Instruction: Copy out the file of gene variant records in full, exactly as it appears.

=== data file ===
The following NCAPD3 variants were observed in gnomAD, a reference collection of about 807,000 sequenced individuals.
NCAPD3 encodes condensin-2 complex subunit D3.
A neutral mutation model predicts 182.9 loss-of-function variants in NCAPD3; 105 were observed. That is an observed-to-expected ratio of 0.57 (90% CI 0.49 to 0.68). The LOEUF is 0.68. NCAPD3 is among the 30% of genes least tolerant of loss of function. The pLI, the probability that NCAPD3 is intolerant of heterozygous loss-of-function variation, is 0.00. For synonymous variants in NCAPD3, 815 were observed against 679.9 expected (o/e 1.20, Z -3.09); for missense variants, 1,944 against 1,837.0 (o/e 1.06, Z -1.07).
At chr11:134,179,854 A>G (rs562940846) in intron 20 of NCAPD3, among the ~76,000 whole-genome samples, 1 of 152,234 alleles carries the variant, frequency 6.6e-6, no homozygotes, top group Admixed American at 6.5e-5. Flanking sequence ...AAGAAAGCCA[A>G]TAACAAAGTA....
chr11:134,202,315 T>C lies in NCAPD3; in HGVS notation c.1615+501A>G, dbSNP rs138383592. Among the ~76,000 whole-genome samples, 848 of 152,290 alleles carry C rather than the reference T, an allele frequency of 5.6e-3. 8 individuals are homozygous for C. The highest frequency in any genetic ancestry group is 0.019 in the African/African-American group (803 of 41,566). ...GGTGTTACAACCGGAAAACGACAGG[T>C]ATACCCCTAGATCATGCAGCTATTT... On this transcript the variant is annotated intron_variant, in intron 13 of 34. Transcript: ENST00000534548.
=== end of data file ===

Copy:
The following NCAPD3 variants were observed in gnomAD, a reference collection of about 807,000 sequenced individuals.
NCAPD3 encodes condensin-2 complex subunit D3.
A neutral mutation model predicts 182.9 loss-of-function variants in NCAPD3; 105 were observed. That is an observed-to-expected ratio of 0.57 (90% CI 0.49 to 0.68). The LOEUF is 0.68. NCAPD3 is among the 30% of genes least tolerant of loss of function. The pLI, the probability that NCAPD3 is intolerant of heterozygous loss-of-function variation, is 0.00. For synonymous variants in NCAPD3, 815 were observed against 679.9 expected (o/e 1.20, Z -3.09); for missense variants, 1,944 against 1,837.0 (o/e 1.06, Z -1.07).
At chr11:134,179,854 A>G (rs562940846) in intron 20 of NCAPD3, among the ~76,000 whole-genome samples, 1 of 152,234 alleles carries the variant, frequency 6.6e-6, no homozygotes, top group Admixed American at 6.5e-5. Flanking sequence ...AAGAAAGCCA[A>G]TAACAAAGTA....
chr11:134,202,315 T>C lies in NCAPD3; in HGVS notation c.1615+501A>G, dbSNP rs138383592. Among the ~76,000 whole-genome samples, 848 of 152,290 alleles carry C rather than the reference T, an allele frequency of 5.6e-3. 8 individuals are homozygous for C. The highest frequency in any genetic ancestry group is 0.019 in the African/African-American group (803 of 41,566). ...GGTGTTACAACCGGAAAACGACAGG[T>C]ATACCCCTAGATCATGCAGCTATTT... On this transcript the variant is annotated intron_variant, in intron 13 of 34. Transcript: ENST00000534548.